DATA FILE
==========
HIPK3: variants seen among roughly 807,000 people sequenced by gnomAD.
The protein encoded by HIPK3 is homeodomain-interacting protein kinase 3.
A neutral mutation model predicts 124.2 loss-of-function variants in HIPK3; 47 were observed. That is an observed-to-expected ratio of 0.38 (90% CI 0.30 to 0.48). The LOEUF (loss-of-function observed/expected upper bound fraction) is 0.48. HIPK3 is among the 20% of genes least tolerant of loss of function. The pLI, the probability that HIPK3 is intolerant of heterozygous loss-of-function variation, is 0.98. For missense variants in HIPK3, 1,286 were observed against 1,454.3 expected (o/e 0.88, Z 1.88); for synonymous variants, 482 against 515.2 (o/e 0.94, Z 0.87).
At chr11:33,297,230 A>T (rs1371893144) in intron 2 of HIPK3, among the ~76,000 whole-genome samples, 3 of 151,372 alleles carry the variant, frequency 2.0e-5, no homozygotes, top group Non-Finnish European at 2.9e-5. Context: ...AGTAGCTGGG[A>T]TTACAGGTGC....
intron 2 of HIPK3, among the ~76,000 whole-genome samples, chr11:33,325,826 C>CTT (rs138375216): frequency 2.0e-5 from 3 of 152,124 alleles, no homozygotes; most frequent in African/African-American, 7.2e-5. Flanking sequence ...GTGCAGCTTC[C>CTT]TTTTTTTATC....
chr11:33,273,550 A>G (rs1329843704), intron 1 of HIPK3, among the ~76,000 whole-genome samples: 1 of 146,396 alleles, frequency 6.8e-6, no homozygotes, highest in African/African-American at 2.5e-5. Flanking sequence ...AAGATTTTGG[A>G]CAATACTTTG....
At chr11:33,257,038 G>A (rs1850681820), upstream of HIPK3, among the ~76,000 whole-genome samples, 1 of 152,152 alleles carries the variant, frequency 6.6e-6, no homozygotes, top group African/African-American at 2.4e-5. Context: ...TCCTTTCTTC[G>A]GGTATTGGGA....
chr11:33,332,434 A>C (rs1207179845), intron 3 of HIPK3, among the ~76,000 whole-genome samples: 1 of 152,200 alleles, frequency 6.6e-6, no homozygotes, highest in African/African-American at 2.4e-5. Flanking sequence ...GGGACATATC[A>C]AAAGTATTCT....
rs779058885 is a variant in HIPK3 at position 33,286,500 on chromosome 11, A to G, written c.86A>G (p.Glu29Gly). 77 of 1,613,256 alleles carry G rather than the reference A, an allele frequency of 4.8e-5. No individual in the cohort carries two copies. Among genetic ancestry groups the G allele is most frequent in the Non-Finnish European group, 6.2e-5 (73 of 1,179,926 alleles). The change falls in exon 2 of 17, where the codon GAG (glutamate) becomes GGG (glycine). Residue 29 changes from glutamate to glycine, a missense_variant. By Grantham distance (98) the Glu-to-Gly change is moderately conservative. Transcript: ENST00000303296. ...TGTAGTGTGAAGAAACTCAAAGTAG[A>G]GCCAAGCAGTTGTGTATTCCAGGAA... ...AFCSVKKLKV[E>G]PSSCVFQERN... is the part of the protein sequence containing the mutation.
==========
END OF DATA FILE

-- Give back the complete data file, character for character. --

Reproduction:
HIPK3: variants seen among roughly 807,000 people sequenced by gnomAD.
The protein encoded by HIPK3 is homeodomain-interacting protein kinase 3.
A neutral mutation model predicts 124.2 loss-of-function variants in HIPK3; 47 were observed. That is an observed-to-expected ratio of 0.38 (90% CI 0.30 to 0.48). The LOEUF (loss-of-function observed/expected upper bound fraction) is 0.48. HIPK3 is among the 20% of genes least tolerant of loss of function. The pLI, the probability that HIPK3 is intolerant of heterozygous loss-of-function variation, is 0.98. For missense variants in HIPK3, 1,286 were observed against 1,454.3 expected (o/e 0.88, Z 1.88); for synonymous variants, 482 against 515.2 (o/e 0.94, Z 0.87).
At chr11:33,297,230 A>T (rs1371893144) in intron 2 of HIPK3, among the ~76,000 whole-genome samples, 3 of 151,372 alleles carry the variant, frequency 2.0e-5, no homozygotes, top group Non-Finnish European at 2.9e-5. Context: ...AGTAGCTGGG[A>T]TTACAGGTGC....
intron 2 of HIPK3, among the ~76,000 whole-genome samples, chr11:33,325,826 C>CTT (rs138375216): frequency 2.0e-5 from 3 of 152,124 alleles, no homozygotes; most frequent in African/African-American, 7.2e-5. Flanking sequence ...GTGCAGCTTC[C>CTT]TTTTTTTATC....
chr11:33,273,550 A>G (rs1329843704), intron 1 of HIPK3, among the ~76,000 whole-genome samples: 1 of 146,396 alleles, frequency 6.8e-6, no homozygotes, highest in African/African-American at 2.5e-5. Flanking sequence ...AAGATTTTGG[A>G]CAATACTTTG....
At chr11:33,257,038 G>A (rs1850681820), upstream of HIPK3, among the ~76,000 whole-genome samples, 1 of 152,152 alleles carries the variant, frequency 6.6e-6, no homozygotes, top group African/African-American at 2.4e-5. Context: ...TCCTTTCTTC[G>A]GGTATTGGGA....
chr11:33,332,434 A>C (rs1207179845), intron 3 of HIPK3, among the ~76,000 whole-genome samples: 1 of 152,200 alleles, frequency 6.6e-6, no homozygotes, highest in African/African-American at 2.4e-5. Flanking sequence ...GGGACATATC[A>C]AAAGTATTCT....
rs779058885 is a variant in HIPK3 at position 33,286,500 on chromosome 11, A to G, written c.86A>G (p.Glu29Gly). 77 of 1,613,256 alleles carry G rather than the reference A, an allele frequency of 4.8e-5. No individual in the cohort carries two copies. Among genetic ancestry groups the G allele is most frequent in the Non-Finnish European group, 6.2e-5 (73 of 1,179,926 alleles). The change falls in exon 2 of 17, where the codon GAG (glutamate) becomes GGG (glycine). Residue 29 changes from glutamate to glycine, a missense_variant. By Grantham distance (98) the Glu-to-Gly change is moderately conservative. Transcript: ENST00000303296. ...TGTAGTGTGAAGAAACTCAAAGTAG[A>G]GCCAAGCAGTTGTGTATTCCAGGAA... ...AFCSVKKLKV[E>G]PSSCVFQERN... is the part of the protein sequence containing the mutation.